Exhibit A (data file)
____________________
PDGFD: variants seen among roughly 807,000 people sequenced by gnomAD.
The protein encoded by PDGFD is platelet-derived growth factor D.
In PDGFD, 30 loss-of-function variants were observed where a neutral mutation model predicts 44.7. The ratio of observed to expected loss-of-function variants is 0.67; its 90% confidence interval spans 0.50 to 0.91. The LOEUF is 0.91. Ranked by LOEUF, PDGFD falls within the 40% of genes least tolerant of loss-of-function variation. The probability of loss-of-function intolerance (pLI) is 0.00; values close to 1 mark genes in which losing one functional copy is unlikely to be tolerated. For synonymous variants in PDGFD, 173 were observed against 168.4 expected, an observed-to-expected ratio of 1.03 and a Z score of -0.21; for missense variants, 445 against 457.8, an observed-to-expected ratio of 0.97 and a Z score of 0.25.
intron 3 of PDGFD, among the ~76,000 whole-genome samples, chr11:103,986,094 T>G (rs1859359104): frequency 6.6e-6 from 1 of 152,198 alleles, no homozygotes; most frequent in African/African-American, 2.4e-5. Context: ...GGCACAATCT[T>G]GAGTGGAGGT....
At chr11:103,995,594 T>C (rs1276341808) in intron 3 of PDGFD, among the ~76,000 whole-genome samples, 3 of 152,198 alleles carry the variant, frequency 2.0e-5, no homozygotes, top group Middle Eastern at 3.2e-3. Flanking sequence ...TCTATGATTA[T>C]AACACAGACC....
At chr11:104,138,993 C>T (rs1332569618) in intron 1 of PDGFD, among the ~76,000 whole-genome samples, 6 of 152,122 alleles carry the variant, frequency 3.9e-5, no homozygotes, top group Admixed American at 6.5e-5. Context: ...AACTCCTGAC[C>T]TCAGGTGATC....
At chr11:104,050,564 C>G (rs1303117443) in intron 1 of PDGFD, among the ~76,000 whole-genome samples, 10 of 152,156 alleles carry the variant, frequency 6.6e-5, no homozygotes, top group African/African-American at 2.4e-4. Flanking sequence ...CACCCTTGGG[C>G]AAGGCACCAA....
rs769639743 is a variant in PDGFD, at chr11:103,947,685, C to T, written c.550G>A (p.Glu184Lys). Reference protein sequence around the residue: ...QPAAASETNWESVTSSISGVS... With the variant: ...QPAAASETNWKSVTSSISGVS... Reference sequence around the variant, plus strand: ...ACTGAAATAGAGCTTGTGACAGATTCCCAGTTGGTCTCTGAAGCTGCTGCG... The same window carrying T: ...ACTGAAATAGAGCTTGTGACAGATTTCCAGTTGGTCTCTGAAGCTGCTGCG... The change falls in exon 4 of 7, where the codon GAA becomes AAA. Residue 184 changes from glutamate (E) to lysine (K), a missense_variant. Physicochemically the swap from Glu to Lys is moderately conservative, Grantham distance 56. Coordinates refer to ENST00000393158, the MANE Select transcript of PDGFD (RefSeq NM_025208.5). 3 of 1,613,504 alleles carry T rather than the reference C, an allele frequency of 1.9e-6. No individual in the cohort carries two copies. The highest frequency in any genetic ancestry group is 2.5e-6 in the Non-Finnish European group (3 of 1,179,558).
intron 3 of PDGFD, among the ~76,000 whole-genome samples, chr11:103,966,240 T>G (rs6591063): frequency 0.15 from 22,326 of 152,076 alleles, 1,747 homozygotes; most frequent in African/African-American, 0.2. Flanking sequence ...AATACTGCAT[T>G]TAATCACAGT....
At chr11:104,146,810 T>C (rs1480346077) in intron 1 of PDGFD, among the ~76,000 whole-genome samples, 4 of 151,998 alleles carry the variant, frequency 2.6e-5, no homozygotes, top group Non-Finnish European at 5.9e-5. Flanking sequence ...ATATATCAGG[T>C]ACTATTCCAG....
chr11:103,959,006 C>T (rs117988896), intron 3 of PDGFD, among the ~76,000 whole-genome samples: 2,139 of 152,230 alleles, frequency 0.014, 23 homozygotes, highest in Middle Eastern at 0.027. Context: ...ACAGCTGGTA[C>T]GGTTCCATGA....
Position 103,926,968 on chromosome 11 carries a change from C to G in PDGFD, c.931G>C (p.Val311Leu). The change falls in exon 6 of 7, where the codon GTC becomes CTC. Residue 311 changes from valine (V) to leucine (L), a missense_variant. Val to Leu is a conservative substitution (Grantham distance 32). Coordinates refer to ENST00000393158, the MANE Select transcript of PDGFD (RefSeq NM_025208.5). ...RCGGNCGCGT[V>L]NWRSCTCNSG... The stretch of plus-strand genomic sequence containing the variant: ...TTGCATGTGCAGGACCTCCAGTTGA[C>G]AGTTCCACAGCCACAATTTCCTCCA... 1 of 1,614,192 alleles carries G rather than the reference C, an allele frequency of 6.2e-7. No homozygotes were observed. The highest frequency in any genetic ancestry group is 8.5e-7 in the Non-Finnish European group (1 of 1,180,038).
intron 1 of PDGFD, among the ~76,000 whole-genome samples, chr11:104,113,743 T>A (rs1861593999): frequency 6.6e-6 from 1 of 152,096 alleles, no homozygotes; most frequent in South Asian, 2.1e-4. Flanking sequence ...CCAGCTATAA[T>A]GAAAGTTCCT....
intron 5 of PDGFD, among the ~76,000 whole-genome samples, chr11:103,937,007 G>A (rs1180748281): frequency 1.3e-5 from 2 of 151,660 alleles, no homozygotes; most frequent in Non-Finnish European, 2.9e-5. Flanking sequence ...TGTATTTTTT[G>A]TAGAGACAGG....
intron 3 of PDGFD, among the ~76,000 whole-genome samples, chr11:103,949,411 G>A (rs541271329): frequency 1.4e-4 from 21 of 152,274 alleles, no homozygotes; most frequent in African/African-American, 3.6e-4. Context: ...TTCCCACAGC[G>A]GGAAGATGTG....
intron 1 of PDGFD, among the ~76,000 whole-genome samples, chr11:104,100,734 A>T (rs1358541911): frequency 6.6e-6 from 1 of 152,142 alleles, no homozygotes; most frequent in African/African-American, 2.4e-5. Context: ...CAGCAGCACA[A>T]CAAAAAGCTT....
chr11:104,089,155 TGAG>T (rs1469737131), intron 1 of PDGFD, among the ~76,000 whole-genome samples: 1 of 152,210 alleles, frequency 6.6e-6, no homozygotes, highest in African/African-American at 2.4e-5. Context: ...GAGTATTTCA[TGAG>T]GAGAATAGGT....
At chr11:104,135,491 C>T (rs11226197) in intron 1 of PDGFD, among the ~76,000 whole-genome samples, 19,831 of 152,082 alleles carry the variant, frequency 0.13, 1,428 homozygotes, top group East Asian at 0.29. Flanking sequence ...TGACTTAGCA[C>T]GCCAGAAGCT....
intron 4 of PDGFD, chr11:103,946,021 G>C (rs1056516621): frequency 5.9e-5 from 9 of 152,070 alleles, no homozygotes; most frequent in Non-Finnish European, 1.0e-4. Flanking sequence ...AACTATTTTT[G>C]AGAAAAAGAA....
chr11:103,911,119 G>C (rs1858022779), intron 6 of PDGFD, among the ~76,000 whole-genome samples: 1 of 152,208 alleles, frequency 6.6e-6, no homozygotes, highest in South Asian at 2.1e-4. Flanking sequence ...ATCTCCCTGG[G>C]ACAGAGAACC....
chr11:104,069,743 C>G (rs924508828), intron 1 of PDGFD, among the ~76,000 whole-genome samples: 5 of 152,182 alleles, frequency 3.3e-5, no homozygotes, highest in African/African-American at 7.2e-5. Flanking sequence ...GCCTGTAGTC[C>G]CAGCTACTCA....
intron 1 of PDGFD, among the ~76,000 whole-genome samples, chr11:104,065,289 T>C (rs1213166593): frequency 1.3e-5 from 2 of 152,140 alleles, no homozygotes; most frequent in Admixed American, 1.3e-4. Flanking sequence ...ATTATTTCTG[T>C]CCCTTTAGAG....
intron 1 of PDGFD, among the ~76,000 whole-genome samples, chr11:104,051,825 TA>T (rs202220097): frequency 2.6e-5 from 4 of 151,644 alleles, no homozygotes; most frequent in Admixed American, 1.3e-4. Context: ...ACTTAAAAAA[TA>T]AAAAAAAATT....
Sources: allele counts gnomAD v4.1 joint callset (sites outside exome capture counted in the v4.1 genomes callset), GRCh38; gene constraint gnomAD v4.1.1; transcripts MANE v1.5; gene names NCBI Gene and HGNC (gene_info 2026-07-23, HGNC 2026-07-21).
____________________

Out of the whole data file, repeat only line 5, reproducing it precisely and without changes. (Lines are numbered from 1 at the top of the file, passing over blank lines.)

At chr11:103,995,594 T>C (rs1276341808) in intron 3 of PDGFD, among the ~76,000 whole-genome samples, 3 of 152,198 alleles carry the variant, frequency 2.0e-5, no homozygotes, top group Middle Eastern at 3.2e-3. Flanking sequence ...TCTATGATTA[T>C]AACACAGACC....